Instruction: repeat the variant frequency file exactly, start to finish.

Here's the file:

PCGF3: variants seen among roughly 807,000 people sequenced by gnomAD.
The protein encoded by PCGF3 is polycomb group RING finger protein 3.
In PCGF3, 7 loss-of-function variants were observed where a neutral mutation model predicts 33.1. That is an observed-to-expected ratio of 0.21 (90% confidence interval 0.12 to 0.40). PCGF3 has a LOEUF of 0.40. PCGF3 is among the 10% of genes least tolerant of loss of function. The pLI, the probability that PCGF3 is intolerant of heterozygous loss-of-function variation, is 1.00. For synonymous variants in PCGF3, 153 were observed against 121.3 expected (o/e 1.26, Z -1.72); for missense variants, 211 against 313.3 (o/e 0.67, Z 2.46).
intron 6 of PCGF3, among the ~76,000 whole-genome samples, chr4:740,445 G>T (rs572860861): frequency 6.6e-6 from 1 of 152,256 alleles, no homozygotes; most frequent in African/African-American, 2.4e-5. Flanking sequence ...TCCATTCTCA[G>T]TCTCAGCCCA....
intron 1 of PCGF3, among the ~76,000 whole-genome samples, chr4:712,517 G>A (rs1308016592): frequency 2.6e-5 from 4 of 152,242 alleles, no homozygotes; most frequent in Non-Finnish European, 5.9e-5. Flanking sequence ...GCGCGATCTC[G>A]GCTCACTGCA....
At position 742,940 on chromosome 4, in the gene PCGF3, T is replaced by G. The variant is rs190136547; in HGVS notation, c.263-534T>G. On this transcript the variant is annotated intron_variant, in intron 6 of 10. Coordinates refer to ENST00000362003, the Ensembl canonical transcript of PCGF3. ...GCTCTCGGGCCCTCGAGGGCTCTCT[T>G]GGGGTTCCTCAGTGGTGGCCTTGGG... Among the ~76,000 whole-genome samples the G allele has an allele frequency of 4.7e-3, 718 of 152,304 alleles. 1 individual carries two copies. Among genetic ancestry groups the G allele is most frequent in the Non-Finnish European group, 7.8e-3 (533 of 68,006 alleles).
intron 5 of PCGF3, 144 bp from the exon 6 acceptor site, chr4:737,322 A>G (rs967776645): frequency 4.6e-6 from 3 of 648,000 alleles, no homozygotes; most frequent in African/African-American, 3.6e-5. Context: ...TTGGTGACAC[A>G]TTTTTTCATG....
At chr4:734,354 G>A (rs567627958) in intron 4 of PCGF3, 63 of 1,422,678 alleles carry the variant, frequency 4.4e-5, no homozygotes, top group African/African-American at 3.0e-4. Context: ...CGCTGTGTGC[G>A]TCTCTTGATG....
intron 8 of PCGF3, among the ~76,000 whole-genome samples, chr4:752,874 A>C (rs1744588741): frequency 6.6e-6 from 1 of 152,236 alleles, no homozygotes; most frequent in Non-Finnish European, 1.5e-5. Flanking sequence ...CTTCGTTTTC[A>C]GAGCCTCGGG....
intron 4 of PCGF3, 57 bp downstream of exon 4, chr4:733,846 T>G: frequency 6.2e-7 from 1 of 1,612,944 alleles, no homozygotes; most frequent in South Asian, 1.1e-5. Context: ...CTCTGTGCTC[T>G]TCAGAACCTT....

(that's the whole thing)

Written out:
PCGF3: variants seen among roughly 807,000 people sequenced by gnomAD.
The protein encoded by PCGF3 is polycomb group RING finger protein 3.
In PCGF3, 7 loss-of-function variants were observed where a neutral mutation model predicts 33.1. That is an observed-to-expected ratio of 0.21 (90% confidence interval 0.12 to 0.40). PCGF3 has a LOEUF of 0.40. PCGF3 is among the 10% of genes least tolerant of loss of function. The pLI, the probability that PCGF3 is intolerant of heterozygous loss-of-function variation, is 1.00. For synonymous variants in PCGF3, 153 were observed against 121.3 expected (o/e 1.26, Z -1.72); for missense variants, 211 against 313.3 (o/e 0.67, Z 2.46).
intron 6 of PCGF3, among the ~76,000 whole-genome samples, chr4:740,445 G>T (rs572860861): frequency 6.6e-6 from 1 of 152,256 alleles, no homozygotes; most frequent in African/African-American, 2.4e-5. Flanking sequence ...TCCATTCTCA[G>T]TCTCAGCCCA....
intron 1 of PCGF3, among the ~76,000 whole-genome samples, chr4:712,517 G>A (rs1308016592): frequency 2.6e-5 from 4 of 152,242 alleles, no homozygotes; most frequent in Non-Finnish European, 5.9e-5. Flanking sequence ...GCGCGATCTC[G>A]GCTCACTGCA....
At position 742,940 on chromosome 4, in the gene PCGF3, T is replaced by G. The variant is rs190136547; in HGVS notation, c.263-534T>G. On this transcript the variant is annotated intron_variant, in intron 6 of 10. Coordinates refer to ENST00000362003, the Ensembl canonical transcript of PCGF3. ...GCTCTCGGGCCCTCGAGGGCTCTCT[T>G]GGGGTTCCTCAGTGGTGGCCTTGGG... Among the ~76,000 whole-genome samples the G allele has an allele frequency of 4.7e-3, 718 of 152,304 alleles. 1 individual carries two copies. Among genetic ancestry groups the G allele is most frequent in the Non-Finnish European group, 7.8e-3 (533 of 68,006 alleles).
intron 5 of PCGF3, 144 bp from the exon 6 acceptor site, chr4:737,322 A>G (rs967776645): frequency 4.6e-6 from 3 of 648,000 alleles, no homozygotes; most frequent in African/African-American, 3.6e-5. Context: ...TTGGTGACAC[A>G]TTTTTTCATG....
At chr4:734,354 G>A (rs567627958) in intron 4 of PCGF3, 63 of 1,422,678 alleles carry the variant, frequency 4.4e-5, no homozygotes, top group African/African-American at 3.0e-4. Context: ...CGCTGTGTGC[G>A]TCTCTTGATG....
intron 8 of PCGF3, among the ~76,000 whole-genome samples, chr4:752,874 A>C (rs1744588741): frequency 6.6e-6 from 1 of 152,236 alleles, no homozygotes; most frequent in Non-Finnish European, 1.5e-5. Flanking sequence ...CTTCGTTTTC[A>C]GAGCCTCGGG....
intron 4 of PCGF3, 57 bp downstream of exon 4, chr4:733,846 T>G: frequency 6.2e-7 from 1 of 1,612,944 alleles, no homozygotes; most frequent in South Asian, 1.1e-5. Context: ...CTCTGTGCTC[T>G]TCAGAACCTT....